Mechanisms, Pathophysiology, And Management Of Obesity Discussion

Please respond with a paragraph to the following question, add citations and references:

A. Health risks associated with obesity that Mr. C has are hypertension, diabetes, hyperlipidemia, and sleep apnea. His BMI is 45.8 so he is morbid obese (University of Rochester Medical Center, 2019). His fasting blood sugar (146 mg/dL) places him as a diabetic (Mayo Clinic, 2018). His total cholesterol is 250 mg/dL when it should be 200 which shows he has hyperlipidemia (National Cholesterol Education Program, 2005). Additionally, his high triglycerides which are 312 mg/dL when the normal is 150 add to his hyperlipidemia. These are all comorbidities which make him a good candidate for bariatric surgery. Bariatric surgery is an appropriate intervention in Mr. C’s condition since candidates for a bariatric surgical procedure are usually adults with a BMI over 40 kg without comorbid illness, adults with a BMI 35.0 to 39.9 kg with at least one serious comorbidity like obstructive sleep apnea, hypertension, and hyperlipidemia. Mr. C’s high blood pressure (172/96) along with his other conditions make him a good candidate for bariatric surgery (Obeid, Megill, Schmidt, Wootan, Greco, Alsulaim, Schweitzer, Magnuson, & Steele, 2016). His age also places him in range of acceptable age range to have surgery since bariatric is usually recommended from 18-65.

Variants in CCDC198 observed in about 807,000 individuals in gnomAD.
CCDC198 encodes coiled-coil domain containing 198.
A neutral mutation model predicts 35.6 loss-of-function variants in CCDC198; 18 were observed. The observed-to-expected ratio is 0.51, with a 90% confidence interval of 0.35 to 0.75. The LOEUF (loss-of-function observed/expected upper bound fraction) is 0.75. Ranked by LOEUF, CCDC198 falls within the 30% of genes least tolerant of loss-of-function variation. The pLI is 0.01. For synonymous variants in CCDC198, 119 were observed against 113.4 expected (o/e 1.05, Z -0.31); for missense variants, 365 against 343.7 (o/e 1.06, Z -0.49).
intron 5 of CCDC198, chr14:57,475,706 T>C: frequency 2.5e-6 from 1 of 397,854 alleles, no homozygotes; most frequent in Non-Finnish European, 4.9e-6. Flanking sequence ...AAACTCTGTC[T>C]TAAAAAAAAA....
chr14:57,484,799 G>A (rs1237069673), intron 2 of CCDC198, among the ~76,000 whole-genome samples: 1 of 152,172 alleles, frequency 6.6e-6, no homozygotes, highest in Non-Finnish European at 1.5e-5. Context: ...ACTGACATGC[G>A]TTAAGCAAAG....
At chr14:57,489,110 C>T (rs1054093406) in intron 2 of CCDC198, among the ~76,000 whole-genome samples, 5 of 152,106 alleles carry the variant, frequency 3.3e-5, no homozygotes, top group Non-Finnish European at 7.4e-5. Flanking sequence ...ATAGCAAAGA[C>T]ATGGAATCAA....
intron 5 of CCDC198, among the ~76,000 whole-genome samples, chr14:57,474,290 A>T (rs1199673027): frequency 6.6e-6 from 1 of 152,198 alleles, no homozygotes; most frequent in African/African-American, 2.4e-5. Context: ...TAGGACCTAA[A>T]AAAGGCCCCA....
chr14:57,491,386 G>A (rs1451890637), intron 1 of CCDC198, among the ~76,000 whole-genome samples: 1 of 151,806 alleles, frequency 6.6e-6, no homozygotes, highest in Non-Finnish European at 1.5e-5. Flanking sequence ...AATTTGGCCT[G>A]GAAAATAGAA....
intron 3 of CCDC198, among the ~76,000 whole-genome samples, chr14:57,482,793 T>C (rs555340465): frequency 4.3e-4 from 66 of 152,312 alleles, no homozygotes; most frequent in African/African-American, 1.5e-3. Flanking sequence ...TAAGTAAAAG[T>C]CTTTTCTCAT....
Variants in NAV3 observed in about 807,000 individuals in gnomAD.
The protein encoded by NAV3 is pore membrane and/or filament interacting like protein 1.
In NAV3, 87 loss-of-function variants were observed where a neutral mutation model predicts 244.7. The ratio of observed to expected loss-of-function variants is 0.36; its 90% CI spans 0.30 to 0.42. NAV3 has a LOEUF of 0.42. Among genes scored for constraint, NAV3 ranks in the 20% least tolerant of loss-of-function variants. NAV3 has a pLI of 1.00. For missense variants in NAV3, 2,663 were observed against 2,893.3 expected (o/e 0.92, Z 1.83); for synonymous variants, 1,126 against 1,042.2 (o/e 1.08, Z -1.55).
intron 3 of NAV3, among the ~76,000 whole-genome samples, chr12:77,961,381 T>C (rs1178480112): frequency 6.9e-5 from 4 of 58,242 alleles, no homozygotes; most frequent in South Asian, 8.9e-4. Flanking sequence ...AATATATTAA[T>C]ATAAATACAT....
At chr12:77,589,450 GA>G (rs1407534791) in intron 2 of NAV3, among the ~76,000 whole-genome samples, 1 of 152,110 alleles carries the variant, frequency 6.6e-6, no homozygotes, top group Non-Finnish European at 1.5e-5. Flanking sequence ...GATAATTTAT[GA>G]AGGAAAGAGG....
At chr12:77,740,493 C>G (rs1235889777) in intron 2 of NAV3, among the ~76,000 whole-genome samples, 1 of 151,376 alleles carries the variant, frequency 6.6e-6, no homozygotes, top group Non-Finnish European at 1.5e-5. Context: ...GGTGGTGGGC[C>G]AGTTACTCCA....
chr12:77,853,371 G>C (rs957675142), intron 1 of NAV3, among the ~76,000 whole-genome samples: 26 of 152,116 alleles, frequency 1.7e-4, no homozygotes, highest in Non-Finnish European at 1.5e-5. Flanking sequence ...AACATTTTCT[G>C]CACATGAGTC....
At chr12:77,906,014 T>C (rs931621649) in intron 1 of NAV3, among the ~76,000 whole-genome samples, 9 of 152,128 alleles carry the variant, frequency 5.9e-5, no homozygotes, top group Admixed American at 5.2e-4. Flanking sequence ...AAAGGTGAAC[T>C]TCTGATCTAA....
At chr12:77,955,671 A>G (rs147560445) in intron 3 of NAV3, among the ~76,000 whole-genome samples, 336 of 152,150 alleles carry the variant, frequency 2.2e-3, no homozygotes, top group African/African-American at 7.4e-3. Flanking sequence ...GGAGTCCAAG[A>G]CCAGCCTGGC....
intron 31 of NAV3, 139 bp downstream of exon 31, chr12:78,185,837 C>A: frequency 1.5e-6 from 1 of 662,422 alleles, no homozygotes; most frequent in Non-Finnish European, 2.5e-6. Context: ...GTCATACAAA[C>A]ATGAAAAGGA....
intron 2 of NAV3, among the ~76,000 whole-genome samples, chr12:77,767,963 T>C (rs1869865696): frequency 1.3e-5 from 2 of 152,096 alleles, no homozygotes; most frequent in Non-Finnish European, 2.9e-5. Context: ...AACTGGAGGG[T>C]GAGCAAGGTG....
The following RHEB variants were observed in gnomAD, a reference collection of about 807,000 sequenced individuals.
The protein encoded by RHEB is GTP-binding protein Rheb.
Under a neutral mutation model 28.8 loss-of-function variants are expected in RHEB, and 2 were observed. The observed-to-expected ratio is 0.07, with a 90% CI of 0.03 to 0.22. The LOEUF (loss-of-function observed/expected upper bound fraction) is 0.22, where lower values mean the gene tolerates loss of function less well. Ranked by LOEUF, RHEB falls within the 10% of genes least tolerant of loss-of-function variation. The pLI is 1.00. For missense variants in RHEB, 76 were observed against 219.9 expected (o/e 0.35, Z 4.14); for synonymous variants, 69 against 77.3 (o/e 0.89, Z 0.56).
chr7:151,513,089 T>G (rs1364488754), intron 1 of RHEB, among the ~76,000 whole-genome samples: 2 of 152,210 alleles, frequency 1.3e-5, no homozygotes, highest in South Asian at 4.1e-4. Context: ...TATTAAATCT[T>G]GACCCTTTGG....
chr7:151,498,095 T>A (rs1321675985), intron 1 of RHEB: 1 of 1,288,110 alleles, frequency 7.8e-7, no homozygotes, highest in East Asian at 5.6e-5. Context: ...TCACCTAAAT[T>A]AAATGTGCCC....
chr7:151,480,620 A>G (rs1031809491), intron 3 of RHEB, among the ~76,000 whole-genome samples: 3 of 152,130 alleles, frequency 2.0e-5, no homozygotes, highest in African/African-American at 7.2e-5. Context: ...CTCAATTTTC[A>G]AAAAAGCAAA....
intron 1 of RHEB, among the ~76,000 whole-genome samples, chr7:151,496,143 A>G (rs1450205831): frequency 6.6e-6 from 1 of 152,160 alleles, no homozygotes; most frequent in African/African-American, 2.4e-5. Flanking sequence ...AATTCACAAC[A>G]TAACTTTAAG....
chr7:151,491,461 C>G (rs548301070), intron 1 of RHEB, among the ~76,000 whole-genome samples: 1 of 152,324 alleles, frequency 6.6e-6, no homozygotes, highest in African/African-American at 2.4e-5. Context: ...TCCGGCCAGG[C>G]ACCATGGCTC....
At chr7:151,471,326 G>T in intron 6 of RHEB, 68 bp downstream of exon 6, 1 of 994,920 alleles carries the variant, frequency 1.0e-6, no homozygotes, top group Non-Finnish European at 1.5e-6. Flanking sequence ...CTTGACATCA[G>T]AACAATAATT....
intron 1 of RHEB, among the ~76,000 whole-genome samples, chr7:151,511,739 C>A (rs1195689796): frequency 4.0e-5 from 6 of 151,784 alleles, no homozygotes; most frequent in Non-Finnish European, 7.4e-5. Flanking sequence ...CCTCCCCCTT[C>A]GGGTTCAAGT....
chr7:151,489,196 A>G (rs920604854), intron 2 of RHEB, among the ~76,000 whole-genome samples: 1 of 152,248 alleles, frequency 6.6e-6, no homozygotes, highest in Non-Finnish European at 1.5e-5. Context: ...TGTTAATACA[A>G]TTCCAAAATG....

B. An administration schedule that will be most therapeutic and acceptable for the patient would be that he could keep his main three meals but must get rid of his 10 PM snack. He should not eat within 2 hours before bedtime. He should avoid coffee, chocolate, citrus fruits, sodas, fatty foods, fried foods, tomato products, and peppermint. Along with his medications, his schedule should look like this:

6am Sucralfate/Carafate

7am-meal

10am– Mylanta

11am– Sucralfate/Carafate

Noon-meal

3pm-Mylanta

5pm– Sucralfate/Carafate

6pm-meal

9pm– Sucralfate/Carafate

10:30 Mylanta

Bedtime– Zantac, Sucralfate/Carafate